Lake Street Dive
Photo: Shervin Lainez / Courtesy of Sacks & Co.

Lake Street Dive High 5: Rachael Price, Bridget Kearney Bring “Letter” to Life for New Album

Lead singer Rachael Price and bassist Bridget Kearney reflect on their deeply personal and emotional journey for “Nobody’s Stopping You Now” while helping Lake Street Dive continue to thrive with ‘Obviously’.

Obviously
Lake Street Dive
Nonesuch Records
12 March 2021

There’s no doubt that Lake Street Dive’s Rachael Price is one of the best and most versatile rock-pop singers still delivering a smorgasbord of delectable musical delights. Yet the Brooklyn-based artist may finally be realizing her full potential as a gifted songwriter with Friday’s release of Obviously, the group’s seventh full-length studio album.

Any uncertainty about her abilities in that regard after spending years in the recording studio should be erased with the gorgeous ballad “Nobody’s Stopping You Now”, an apropos title for a tune that Price cowrote with Lake Street Dive singer-songwriter-upright bassist Bridget Kearney.

It took the youngest of four children in a family of singers to look back more than 20 years into her past to find the spark of an idea, igniting an emotional flame that will keep Price’s career glowing strong.

Anatomy of a Song

“Nobody’s Stopping You Now” has been billed in press material as “a letter of encouragement” Price wrote to her teenage self.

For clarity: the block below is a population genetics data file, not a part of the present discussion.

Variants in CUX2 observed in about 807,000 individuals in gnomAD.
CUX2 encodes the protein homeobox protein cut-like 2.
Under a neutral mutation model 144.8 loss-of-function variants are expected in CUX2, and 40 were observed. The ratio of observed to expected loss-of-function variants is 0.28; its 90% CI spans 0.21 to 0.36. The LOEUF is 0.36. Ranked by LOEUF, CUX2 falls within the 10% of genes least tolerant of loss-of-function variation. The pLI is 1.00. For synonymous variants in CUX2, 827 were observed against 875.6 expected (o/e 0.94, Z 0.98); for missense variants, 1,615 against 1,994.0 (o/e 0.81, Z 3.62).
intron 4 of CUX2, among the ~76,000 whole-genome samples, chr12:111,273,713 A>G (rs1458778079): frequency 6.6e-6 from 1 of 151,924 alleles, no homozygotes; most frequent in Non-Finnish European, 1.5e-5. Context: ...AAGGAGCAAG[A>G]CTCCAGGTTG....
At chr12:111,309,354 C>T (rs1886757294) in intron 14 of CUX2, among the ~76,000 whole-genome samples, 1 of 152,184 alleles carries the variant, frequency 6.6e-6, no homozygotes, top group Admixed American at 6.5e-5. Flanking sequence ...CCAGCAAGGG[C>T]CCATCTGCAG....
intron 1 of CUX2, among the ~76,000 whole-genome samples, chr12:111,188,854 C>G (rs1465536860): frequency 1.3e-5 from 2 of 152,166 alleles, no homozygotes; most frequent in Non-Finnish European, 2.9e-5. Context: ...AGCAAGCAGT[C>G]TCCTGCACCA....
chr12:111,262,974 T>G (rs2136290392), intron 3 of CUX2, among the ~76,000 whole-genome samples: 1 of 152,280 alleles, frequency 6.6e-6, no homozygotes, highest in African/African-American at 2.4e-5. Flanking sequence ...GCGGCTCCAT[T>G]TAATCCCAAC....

“That song started because I had found some old journals of mine from when I was like 12, 13, 14 years old,” Price reveals in late February during a lively phone conversation from her home in Brooklyn, the New York City borough where she has lived for 11 years. “And specifically a journal that I didn’t even know existed. Somehow my aunt had it [in her house in Nashville]. And I started reading it and … there were just so many surprises … so many lengthy detailed things that happened that I had no recollection of.”

Price practically refers to the childhood Rachael who went to school in the Nashville area as a totally different girl with multiple sides to her personality. Finding the journal opened a floodgate of memories — and questions. “I was like, ‘I just don’t know who this person is. Who are they?’” she was asking herself. “In some ways, I was very impressed by them and thought they were very funny and cool. I was like, ‘Oh, I didn’t know I used to be like that.’ …

“And then there were things to me that were very heartbreaking and sad, like insecurities that I was dealing with. There were just like pages and pages of writing about these things. So I kind of wrote a song in an effort to get to know that person a little bit more again. And also to give them encouragement in the places where I felt like they needed it. So it was me but sort of like a therapeutic exercise.”

Developing an idea began when Price, from a hotel room in Portland, Maine (where the band most recently performed in December 2018), needed to send a submission to her write-a-song-every-week group or else get kicked out. So I wrote the song very quickly and had … no regard for it. I thought, stylistically, I was like, ‘Well, this isn’t a Lake Street Dive song,’” she continues. “And overall, I didn’t really see the song’s potential. But because we had this spirit of sharing any ideas for this record when it came to cowriting, I sent the song. … I sent it to the whole band. I was like, ‘If anyone thinks they hear anything worthwhile in this song, you know, self-deprecating it (laughs) while I sent it. … But I didn’t show it to the band for a while.”